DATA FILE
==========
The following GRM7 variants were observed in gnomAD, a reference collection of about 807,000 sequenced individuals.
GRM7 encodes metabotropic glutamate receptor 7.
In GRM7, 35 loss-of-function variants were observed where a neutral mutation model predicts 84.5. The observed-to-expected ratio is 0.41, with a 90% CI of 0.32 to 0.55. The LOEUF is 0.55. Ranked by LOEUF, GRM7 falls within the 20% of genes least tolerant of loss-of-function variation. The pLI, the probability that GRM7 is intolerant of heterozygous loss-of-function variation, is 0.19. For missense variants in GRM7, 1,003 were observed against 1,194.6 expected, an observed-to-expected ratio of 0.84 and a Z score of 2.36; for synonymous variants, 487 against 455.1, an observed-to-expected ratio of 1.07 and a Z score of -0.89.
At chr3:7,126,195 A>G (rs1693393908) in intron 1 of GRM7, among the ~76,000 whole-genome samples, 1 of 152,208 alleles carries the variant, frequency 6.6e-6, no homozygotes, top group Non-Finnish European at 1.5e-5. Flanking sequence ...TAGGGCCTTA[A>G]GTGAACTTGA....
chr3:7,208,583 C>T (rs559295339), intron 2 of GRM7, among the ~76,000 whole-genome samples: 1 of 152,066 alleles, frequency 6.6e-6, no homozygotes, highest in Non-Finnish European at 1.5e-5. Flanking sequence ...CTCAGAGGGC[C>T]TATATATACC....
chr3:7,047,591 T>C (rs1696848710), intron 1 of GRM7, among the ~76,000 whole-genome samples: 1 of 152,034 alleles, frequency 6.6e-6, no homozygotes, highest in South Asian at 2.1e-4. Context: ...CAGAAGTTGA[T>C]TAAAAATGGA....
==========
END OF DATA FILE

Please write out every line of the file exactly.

The following GRM7 variants were observed in gnomAD, a reference collection of about 807,000 sequenced individuals.
GRM7 encodes metabotropic glutamate receptor 7.
In GRM7, 35 loss-of-function variants were observed where a neutral mutation model predicts 84.5. The observed-to-expected ratio is 0.41, with a 90% CI of 0.32 to 0.55. The LOEUF is 0.55. Ranked by LOEUF, GRM7 falls within the 20% of genes least tolerant of loss-of-function variation. The pLI, the probability that GRM7 is intolerant of heterozygous loss-of-function variation, is 0.19. For missense variants in GRM7, 1,003 were observed against 1,194.6 expected, an observed-to-expected ratio of 0.84 and a Z score of 2.36; for synonymous variants, 487 against 455.1, an observed-to-expected ratio of 1.07 and a Z score of -0.89.
At chr3:7,126,195 A>G (rs1693393908) in intron 1 of GRM7, among the ~76,000 whole-genome samples, 1 of 152,208 alleles carries the variant, frequency 6.6e-6, no homozygotes, top group Non-Finnish European at 1.5e-5. Flanking sequence ...TAGGGCCTTA[A>G]GTGAACTTGA....
chr3:7,208,583 C>T (rs559295339), intron 2 of GRM7, among the ~76,000 whole-genome samples: 1 of 152,066 alleles, frequency 6.6e-6, no homozygotes, highest in Non-Finnish European at 1.5e-5. Flanking sequence ...CTCAGAGGGC[C>T]TATATATACC....
chr3:7,047,591 T>C (rs1696848710), intron 1 of GRM7, among the ~76,000 whole-genome samples: 1 of 152,034 alleles, frequency 6.6e-6, no homozygotes, highest in South Asian at 2.1e-4. Context: ...CAGAAGTTGA[T>C]TAAAAATGGA....